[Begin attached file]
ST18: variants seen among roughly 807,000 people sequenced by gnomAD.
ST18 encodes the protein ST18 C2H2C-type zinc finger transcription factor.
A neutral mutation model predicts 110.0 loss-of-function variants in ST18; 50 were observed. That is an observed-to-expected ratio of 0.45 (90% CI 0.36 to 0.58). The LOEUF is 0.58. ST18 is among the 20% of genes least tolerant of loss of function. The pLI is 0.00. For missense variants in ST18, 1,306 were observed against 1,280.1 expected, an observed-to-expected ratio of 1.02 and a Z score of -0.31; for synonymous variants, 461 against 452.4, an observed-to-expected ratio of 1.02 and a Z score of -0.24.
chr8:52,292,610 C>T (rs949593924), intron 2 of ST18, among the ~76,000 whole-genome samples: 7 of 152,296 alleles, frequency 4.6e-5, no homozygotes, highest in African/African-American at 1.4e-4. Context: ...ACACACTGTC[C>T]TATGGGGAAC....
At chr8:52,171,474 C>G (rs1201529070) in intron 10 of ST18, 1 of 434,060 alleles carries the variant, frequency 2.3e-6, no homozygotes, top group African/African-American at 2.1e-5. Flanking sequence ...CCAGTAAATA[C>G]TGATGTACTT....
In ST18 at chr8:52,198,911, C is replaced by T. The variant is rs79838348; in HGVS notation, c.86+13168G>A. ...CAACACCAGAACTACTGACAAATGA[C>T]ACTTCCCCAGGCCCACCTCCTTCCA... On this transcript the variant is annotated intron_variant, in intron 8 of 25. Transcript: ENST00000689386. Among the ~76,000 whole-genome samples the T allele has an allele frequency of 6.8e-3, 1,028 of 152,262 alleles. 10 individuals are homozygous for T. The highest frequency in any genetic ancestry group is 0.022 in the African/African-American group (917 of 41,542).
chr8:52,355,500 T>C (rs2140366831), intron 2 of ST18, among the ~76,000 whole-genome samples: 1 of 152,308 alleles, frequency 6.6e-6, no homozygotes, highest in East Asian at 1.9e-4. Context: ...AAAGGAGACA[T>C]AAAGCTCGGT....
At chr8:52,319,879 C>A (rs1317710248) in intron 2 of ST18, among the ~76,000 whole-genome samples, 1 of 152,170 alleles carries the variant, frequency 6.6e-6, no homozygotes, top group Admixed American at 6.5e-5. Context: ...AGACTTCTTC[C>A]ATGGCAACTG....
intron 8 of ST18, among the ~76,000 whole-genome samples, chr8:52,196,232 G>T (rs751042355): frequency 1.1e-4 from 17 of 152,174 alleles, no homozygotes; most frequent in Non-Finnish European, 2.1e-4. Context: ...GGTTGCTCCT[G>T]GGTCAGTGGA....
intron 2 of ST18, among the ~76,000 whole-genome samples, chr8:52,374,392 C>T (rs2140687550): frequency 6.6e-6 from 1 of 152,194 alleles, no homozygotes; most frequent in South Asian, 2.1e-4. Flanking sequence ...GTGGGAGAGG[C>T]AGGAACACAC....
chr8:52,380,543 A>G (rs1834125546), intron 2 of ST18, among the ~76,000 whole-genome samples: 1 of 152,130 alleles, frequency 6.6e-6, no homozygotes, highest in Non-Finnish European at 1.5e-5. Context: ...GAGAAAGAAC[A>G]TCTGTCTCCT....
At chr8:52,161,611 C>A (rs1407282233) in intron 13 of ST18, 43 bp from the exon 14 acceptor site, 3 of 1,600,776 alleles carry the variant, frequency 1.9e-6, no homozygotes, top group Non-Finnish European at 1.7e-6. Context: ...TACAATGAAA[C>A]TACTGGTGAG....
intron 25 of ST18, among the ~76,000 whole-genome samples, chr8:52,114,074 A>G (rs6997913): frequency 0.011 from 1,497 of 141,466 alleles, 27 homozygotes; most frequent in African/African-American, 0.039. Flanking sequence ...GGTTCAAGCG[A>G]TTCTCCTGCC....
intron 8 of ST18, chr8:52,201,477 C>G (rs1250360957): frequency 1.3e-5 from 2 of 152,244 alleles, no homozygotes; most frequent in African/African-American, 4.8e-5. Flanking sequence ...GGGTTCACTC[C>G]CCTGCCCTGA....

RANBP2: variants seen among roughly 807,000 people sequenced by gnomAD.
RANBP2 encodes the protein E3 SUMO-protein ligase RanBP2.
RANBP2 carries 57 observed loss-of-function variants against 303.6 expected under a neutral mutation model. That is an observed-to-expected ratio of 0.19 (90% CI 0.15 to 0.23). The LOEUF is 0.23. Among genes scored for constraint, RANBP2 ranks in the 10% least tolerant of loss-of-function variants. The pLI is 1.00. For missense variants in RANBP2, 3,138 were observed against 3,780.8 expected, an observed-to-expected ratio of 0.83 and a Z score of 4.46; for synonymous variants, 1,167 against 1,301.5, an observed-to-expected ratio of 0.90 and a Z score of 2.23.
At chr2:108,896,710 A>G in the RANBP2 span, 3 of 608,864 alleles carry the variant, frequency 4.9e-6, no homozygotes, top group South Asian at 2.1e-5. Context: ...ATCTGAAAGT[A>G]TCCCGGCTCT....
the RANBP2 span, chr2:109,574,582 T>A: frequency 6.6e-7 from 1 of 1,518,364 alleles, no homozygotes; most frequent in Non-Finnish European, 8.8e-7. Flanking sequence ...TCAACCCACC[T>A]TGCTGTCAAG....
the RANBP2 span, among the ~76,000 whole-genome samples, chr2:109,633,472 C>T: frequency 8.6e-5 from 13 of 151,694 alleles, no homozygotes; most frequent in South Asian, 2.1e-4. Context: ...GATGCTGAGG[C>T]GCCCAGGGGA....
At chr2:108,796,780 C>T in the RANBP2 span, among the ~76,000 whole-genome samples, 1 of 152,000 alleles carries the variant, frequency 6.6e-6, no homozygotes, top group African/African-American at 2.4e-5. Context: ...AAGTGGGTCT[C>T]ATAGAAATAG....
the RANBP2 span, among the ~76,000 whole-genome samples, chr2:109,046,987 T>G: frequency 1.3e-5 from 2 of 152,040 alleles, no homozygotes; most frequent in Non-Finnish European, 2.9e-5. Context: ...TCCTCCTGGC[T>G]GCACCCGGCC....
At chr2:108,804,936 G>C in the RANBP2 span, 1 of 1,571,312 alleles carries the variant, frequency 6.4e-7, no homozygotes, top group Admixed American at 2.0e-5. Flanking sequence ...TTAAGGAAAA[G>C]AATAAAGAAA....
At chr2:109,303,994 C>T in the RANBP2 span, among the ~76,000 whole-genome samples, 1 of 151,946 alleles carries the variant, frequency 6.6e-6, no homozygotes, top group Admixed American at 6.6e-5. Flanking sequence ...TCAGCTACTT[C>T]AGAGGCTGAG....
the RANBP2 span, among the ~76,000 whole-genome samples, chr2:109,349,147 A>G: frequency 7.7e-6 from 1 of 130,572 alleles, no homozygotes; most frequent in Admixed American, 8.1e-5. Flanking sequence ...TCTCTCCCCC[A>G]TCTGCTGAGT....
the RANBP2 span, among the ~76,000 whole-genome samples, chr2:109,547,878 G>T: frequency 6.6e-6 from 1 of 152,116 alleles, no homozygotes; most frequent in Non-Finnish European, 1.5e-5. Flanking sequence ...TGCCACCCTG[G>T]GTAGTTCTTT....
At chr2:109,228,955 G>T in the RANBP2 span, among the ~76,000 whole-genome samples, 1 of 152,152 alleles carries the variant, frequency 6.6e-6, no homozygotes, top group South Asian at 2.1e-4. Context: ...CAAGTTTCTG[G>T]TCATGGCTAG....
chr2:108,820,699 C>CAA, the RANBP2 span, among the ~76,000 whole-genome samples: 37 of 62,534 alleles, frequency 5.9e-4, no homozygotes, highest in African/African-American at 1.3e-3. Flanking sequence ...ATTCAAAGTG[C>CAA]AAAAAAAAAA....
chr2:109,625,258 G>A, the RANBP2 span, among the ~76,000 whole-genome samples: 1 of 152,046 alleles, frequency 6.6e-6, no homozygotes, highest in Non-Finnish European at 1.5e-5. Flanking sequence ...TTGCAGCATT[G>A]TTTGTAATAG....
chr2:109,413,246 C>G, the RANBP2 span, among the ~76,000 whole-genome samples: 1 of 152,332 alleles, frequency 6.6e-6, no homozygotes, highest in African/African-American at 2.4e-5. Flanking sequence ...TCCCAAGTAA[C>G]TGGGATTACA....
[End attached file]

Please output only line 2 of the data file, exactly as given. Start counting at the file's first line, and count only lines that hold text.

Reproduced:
ST18 encodes the protein ST18 C2H2C-type zinc finger transcription factor.